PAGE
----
Neither am I. Even though I knew I’d be teaching general education students this year I did not plan well. If what I saw and heard in the discussions on the first day or two are indicative, I have seriously underestimated the thought processes and knowledge of my 6th grade class. I only had one session with my 8th grade class and we spent that doing the name video and a bit of paperwork, but I bet I made the same underestimation of them.

Teaching requires a constant series of evaluations of and adjustments to the needs and abilities of students.

Continuing my baseball analogy, teaching is like playing shortstop. You keep track of the game situation and generally plan what to do if the ball is his towards you. You plan for a ball on the ground and for one in the air (with tech and if the tech doesn’t work), but you still need to react to the specific speed, spin and placement of that hit that just left the bat.

Some teachers are as good as Derek Jeter and others are more like Heinie Sand, but we all have to deal with the balls hit to us or the students in front of us.

I’ll get back on my feet and back in the game. I’ll adjust, and my students might also.

So what if we start a few games behind.

It’s a long season.

We can still be champions.

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Hard Beginning, Harder Ending?

Bloomberg giving a speech.
Image via Wikipedia

This has not been the best start to the school year and definitely not the beginning I Imagined.

First, the teacher whose room I was to move into, let’s call her Z, refused to move out.

Back in June I suggested that she box her stuff and I would come in and move it to her new room before we were due to report to work for the new term.

I arrived a week early on wheels. The wheels were on my hand truck and mover’s dolly. I was ready to work, but the room wasn’t.

Nothing was packed.

Meanwhile, the new teacher moving into my room from last year was also in the building ready to start fixing up the room for her students.

I had to take all my things out of the closets and move them to the front of the room where they sat for a week until all teachers had to report to work on Tuesday.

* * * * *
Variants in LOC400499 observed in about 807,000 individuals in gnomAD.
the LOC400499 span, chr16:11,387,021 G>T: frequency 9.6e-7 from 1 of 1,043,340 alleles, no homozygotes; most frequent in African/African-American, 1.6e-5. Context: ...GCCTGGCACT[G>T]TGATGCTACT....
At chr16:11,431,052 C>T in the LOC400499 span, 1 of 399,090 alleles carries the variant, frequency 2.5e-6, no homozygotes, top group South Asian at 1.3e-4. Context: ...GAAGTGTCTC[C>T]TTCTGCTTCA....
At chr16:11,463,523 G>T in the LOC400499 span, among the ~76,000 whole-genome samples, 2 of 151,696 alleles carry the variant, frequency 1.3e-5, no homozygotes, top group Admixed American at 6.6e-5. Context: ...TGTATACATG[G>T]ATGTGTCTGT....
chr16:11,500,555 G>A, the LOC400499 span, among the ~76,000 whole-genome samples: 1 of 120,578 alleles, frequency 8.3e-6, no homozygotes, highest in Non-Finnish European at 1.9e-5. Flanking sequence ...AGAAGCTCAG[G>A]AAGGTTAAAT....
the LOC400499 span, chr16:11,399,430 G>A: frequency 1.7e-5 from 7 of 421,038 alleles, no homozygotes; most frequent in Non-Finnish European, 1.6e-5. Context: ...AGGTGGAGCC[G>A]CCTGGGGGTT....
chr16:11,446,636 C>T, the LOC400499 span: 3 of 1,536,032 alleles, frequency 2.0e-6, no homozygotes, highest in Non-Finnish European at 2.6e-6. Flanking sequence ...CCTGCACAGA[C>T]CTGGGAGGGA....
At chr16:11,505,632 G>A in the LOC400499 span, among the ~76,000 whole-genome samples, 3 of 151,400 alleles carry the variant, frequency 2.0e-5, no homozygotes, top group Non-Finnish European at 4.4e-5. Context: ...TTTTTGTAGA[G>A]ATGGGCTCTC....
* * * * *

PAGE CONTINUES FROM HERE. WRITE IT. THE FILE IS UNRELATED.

I was sure Z would start moving her stuff.  I was wrong.

At two PM, just three hours before the building would close on the day before students arrived she finally came to the room where I was doing my best to set-up around her stuff.

When she said, “I guess I should go find some boxes,” I just growled.

Needless to say, my room was not ready for students when they arrived on Wednesday. Or Thursday.  Finally on Friday I had students in my room.

But I had no desk and no bookcases.

Eventually desks and chairs arrived, but still no bookcases.

The school was out of bookcases.

Imagine, a reading program with no bookcases.

Also on Friday the room’s computer arrived, but without a keyboard or mouse.

The school was out of them, too.

In addition to teaching reading to special education students I teach social studies to general education 6th and 8th grade students in a different room.

The sixth graders fit into the room. There are 28 desks and chairs and there are 28 sixth graders in the classroom.

There are 35 eighth graders and when they came into the room they were sitting on the bookcases (yes, that room has them), on the windowsills (not allowed, but what could I say, the only alternative was the floor), and leaning against a wall.

There are 35 desks in their homeroom just down the hall, but that room’s teacher was giving the seventh grade students ELA instruction. There were seven empty desks because there are only 28 of them, but it is too difficult to move desks and chairs from room to room every period change.

It is especially difficult because in the process of moving the dozens of boxes of books from my old room to my bookcase-less new one, I pulled muscles in my groin and abdomen, which set off back spasms.